Of course the title of Eric Wolf's 1982 masterpiece is meant to be ironic, for the whole book is about the history of those 'people' who at one time or another have been alleged not to have it (history). Specifically, Wolf charts how internal changes within European economies reverberated in the form of the 'mode of production' (defined by Wolf as forces which, by changing how 'labor' relates to 'nature', guide the alignment of social groups) Wolf charts the spread of colonialism, capitalism, and imperialism through a unique kind of economic anthropology which is rooted in structuralist thinking but does not succumb to the more teleologically crude varieties of that theory. In other words, Wolf is concerned with larger processes of economic change--specifically the spread of capitalism and its encounter with kin-ordered modes of production and tributary modes of production--and how they influenced what we would label as culture. Wolf sez that material conditions provide one of the main impetus for cultural change, a sort of stage that constrains the cultural choices open to a given society. He is strongly in debt to a certain interpretation of Marx, which I don't view as a bad thing, and he is trying to integrate Marx's ideas into the field of anthropology, which has frequently been criticized for studying cultures, tribes, and rituals as static entities, frozen in the eternal present due to the ancient unchanging nature of their traditions. Intuitively, we know this not to be true, but often anthropologists write as if each practice they observe has a lineage unaffected by the shock-therapy of 'invasion capitalism' (my term for Europe's conquest and integration of the world).
For me, this is a helpful insight. I have read an abundance of historical studies lately who, no doubt with the best of intentions, read into every action of the subaltern some rebellion against the established system, and tried to show how at every stage 'actors' resisted the 'hegemony' of (insert favored term here for invasive state policies).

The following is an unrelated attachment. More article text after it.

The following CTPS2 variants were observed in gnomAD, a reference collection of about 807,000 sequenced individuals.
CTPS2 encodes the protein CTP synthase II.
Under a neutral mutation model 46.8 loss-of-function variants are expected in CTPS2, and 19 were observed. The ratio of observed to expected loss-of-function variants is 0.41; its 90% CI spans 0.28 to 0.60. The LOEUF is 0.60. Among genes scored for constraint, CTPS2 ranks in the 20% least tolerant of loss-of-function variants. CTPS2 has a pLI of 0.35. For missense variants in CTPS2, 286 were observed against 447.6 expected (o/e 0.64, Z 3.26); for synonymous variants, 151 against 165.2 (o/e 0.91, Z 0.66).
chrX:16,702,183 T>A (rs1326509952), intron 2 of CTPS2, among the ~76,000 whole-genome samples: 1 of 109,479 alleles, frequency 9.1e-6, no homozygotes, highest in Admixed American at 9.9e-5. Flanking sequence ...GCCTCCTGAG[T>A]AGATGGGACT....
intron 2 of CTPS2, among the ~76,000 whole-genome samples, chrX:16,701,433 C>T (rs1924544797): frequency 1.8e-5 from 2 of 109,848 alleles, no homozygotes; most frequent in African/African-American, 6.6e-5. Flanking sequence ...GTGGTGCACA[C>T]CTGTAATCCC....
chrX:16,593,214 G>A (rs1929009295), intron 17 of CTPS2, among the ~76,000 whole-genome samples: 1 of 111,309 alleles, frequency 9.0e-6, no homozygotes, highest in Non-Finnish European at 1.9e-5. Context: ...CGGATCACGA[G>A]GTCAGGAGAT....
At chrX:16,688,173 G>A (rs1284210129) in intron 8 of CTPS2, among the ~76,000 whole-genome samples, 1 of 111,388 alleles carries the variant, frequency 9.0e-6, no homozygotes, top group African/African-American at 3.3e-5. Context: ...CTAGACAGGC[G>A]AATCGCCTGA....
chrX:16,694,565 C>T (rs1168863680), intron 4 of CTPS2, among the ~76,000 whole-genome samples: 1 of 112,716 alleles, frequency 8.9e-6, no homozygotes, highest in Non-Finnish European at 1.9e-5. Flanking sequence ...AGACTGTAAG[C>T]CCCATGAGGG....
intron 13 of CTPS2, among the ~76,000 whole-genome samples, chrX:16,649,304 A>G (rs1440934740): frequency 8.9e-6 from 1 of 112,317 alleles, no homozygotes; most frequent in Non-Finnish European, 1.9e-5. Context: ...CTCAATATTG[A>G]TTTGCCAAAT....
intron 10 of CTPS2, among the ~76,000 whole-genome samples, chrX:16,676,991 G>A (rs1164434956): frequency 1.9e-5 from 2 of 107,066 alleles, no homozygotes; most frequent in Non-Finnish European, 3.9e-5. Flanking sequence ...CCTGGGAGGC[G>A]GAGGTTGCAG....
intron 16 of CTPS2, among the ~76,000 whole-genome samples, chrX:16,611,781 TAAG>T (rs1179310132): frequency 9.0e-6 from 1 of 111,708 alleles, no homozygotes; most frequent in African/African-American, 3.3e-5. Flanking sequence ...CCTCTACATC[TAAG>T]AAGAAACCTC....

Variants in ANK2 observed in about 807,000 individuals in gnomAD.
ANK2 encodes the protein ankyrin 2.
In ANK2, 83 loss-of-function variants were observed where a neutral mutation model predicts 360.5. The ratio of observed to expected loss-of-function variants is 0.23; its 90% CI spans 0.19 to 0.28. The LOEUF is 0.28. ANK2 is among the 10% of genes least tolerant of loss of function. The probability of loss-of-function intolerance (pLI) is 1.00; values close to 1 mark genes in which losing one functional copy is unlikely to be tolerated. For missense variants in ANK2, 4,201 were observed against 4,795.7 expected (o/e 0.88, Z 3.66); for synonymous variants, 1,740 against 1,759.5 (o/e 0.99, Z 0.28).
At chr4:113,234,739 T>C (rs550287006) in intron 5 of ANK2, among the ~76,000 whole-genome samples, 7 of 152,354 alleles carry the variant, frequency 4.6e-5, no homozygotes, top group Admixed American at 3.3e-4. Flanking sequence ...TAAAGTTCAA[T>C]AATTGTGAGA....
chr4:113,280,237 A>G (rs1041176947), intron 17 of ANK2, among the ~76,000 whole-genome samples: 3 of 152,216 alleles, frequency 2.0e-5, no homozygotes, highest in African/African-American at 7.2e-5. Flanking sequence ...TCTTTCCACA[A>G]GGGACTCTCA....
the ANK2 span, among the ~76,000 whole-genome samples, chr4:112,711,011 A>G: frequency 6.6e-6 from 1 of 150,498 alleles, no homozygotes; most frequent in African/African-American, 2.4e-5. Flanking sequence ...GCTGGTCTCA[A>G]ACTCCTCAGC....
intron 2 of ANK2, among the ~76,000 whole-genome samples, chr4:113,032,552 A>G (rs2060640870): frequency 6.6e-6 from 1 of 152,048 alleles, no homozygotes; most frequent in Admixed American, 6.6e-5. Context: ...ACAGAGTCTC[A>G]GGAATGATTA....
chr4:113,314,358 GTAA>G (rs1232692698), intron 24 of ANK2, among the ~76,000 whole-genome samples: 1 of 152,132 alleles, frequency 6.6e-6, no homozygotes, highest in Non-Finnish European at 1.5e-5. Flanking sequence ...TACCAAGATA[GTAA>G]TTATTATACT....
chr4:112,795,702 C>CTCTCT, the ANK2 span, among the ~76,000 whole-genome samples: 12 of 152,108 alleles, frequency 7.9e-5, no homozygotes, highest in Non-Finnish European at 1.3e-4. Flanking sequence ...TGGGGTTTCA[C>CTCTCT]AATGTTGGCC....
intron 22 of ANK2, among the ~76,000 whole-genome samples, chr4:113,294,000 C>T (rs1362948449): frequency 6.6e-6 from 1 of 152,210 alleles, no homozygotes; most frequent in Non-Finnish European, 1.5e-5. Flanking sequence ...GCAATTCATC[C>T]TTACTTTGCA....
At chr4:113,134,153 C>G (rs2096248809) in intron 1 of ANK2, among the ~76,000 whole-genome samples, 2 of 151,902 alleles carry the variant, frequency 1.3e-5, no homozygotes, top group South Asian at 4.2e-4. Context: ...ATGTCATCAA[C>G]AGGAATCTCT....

Now, I am all for subaltern history, but let us be clear. As me and a friend once discoursed on this topic, she reminded me that the very definition of 'subaltern' involves the submersion of this history. There are some things, because of the nature of European erasure of pre-capitalist modes and traditions, that we will likely never know. Furthermore, I have noticed a tendency to overinvest moments in subaltern history with radical potential with the term 'resistance'. I have a problem with extending this term too far until resistance is virtually indistinguishable from accomodation. And often enough, the unstated goal behind these sorts of attempts is to 'rescue' a group from posterity by showing that they were not mere helpless victims of a given process.
Yet throughout the last 500 years, various social groups had a variety of strategies for dealing with the social and economic facts of their marginalization/ oppression--I would venture to say that most of them involve simply trying to cope and survive. This doesn't mean they were helpless or didn't try to shape the vast changes for their own benefit. Just because you attempt to make the best of a new, unfamiliar situation doesn't change the fundamental fact that most non-European societies were indeed victims of a relentlessly expansive European bourgeios. The changes this class set in motion were much more vast than anyone, including the boureious themselves, could comprehend at the time.
In short, just because people act in autonomous ways in an oppressive system does not mean they are resisting it. Indeed, what has often been neglected lately in the contemporary historical theory I read is a realization of the aforementioned point by Wolf about economic change and its impact on culture. Its no secret that questions of identity, autonomy, and more 'cultural' concerns have supplanted older questions of political economy, class, and labor. Now at this point, maybe you are asking: "so what, Nate? Why does it matter?"
This is why it matters: in going too far to stress the 'autonomy' of actors, historians can potentially neglect important questions about how profoundly capitalism has shaped the way we see the world. It literally has reordered livelihoods, families, cultures, ethnicities, set in motion huge movements of money and people, and basically altered the very structure of human existence on a previously unprecedented global scale. So I think it is necessary to ask ourselves, to what degree has capitalism shaped the alleged 'resistance' of the subaltern; i.e. the very nature and questions put forth by their discourse? Put another way, we need to appreciate the profoundly dislocating influence of capitalism and European expansion before we can look at modes of resistance/accomodation and the character they assume. Peace to Nat P for some insights on this discussion.